The mercury is trending downward, the leaves are turning red and orange and fresh faces flood campuses across our nation. Autumn is back. It’s a lovely annual recurrence.

At Stanford University, however, something this year has changed: liquor has been mostly banned. The policy, announced last month, is baroque:

In an effort to reduce the availability and accessibility of hard alcohol, Stanford University has updated its student alcohol policy to prohibit high-volume distilled liquor containers for all undergraduate and coterminal students living in undergraduate housing. It also prohibits hard alcohol at all categories of on-campus parties, with the exception of parties hosted by student organizations and residences whose membership is 100 percent graduate students.

Additionally, Stanford:

prohibits containers 750 ml and larger of distilled liquor, spirits and hard alcohol (alcohol by volume 20 percent and above or 40 proof) in undergraduate student residences, including rooms and common spaces. The beverages that are allowed under this policy for individuals 21 and older must have been purchased from a licensed establishment and must be contained and stored in their original containers.

It is, to put it mildly, a bizarre policy, and one doomed to fail. Have these folks ever been to a college party? Beer — usually cheap brands — is the overwhelming the drink of choice, followed by wine. Beer gets chugged during beer pong and other drinking games and slammed into the belly via funnels. Wine is gulped from large volume tumblers. And those who get smashed on beer and wine do dumb and sometime really awful things.

So why pick on distilled spirits, and try to curb access to them?

Limiting the size of hard alcohol containers is a harm reduction strategy designed to reduce the amount of high-volume alcohol content that is available for consumption at a given time. We feel it is a sensible, creative solution that has roots in research-based solutions … Most alcohol retailers only sell large-volume containers – 750 mL and above. Only select retailers sell hard alcohol containers smaller in volume than 750 mL. Therefore, the outlet density of establishments that sell hard alcohol around campus will be greatly reduced. Also, the costs associated with purchasing smaller containers of hard alcohol are higher than the cost per volume of larger containers, which may serve as a deterrent.

Seriously? Has it not occurred to the administration that the shops might start stocking pint-size bottles? Or that a campus black market in 750 ml bottles might develop? Indeed, realizing that many campus drinkers are underage, said illicit markets for beverages already exist.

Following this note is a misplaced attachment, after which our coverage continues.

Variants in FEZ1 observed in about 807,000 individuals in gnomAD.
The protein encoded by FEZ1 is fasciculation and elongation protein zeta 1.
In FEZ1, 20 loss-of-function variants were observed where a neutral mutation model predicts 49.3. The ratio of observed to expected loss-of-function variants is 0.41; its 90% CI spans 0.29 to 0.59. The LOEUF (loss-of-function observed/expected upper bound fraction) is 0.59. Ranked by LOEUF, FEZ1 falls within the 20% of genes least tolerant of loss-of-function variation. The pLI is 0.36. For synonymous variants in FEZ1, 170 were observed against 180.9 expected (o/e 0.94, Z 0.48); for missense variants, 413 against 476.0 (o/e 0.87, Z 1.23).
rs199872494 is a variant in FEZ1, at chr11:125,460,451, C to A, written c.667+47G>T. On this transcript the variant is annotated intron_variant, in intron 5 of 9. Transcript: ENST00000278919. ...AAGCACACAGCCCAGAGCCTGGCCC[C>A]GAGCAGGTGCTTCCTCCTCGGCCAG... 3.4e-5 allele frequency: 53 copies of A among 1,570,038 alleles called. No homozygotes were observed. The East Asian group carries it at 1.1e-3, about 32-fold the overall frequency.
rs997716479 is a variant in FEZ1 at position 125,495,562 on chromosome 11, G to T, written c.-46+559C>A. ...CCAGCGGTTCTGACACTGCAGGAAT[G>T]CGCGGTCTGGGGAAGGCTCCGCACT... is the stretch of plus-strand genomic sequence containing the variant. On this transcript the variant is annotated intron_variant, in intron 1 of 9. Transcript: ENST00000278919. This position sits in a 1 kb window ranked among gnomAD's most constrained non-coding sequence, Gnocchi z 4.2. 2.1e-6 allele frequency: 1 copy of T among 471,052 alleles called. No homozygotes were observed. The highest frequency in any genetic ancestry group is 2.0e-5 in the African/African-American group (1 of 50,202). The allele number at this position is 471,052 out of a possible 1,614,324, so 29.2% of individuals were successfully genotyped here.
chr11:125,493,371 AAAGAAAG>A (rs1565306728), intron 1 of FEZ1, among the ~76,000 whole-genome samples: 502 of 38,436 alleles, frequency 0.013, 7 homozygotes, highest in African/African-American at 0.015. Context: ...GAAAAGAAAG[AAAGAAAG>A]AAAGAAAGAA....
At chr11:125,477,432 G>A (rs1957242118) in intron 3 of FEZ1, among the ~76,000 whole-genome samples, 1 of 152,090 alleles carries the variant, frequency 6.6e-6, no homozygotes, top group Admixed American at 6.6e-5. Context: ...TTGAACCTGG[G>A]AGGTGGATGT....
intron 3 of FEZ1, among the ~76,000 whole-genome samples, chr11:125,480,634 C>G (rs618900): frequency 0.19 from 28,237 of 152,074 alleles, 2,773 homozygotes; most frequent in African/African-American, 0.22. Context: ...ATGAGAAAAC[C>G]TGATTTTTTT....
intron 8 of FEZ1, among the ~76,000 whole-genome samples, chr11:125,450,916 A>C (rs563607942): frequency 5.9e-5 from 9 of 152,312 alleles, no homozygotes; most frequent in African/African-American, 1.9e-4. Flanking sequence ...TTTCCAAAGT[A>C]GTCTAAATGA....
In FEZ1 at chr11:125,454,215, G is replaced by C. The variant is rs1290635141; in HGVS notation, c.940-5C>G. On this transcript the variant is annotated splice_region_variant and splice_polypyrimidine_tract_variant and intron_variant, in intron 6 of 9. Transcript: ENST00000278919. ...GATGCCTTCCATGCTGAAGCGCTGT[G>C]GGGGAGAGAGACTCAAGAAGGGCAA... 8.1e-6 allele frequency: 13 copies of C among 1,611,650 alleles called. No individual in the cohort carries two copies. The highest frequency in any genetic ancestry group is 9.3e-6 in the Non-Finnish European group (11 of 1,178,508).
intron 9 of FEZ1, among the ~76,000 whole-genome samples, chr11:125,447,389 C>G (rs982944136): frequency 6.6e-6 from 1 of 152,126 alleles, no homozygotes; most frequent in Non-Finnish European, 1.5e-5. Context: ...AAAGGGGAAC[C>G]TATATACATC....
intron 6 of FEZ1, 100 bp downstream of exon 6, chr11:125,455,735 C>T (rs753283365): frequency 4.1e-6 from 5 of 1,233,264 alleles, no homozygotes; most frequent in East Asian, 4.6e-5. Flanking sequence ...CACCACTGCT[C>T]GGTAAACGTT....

Stanford, to be fair, is not the only school that has pulled this sort of non sequitur. Dartmouth and the University of Virginia also announced liquor bans after sexual assaults.

Stanford University is a top school, with a student body that is chock full of smarties. As every one of them no doubt knows, this ban is about the Brock Turner rape. Colleen Daly of End Rape on Campus blasted the policy in an interview with Business Insider. “The policy scapegoats alcohol, misplacing culpability from perpetrators to the tool they use to carry out assault … This policy is both misguided and ineffective as it perpetuates the myth that alcohol, rather than rapists, causes rape.” That rape frequently is perpetrated by individuals who are sober seems lost on Stanford’s leadership.

And there’s a more basic issue here: Alcohol is alcohol. A shot of liquor, a glass of wine and a can of beer carry the same amount of alcohol. Any authority figure who thinks bad behavior will diminish or disappear by banning liquor is kidding himself.

If we want to reduce the incidence of alcohol-fueled bad behavior, then we need to think about strategies for reducing binge-drinking. Right now, we mollycoddle kids and keep them from alcohol until age 21 — then turn them loose as young adults and are shocked when they end up smashed on cheap drinks. It’s inane. Here’s a crazy idea — let’s teach the young to consume responsibly. Let’s treat young adults as just that — adults who are expected to behave responsibly, rather than as kids who are not. We’ll get far better results — and collegiate poohbahs who should know better won’t feel obliged to enact silly booze bans.


Photo by jejim / Shutterstock.com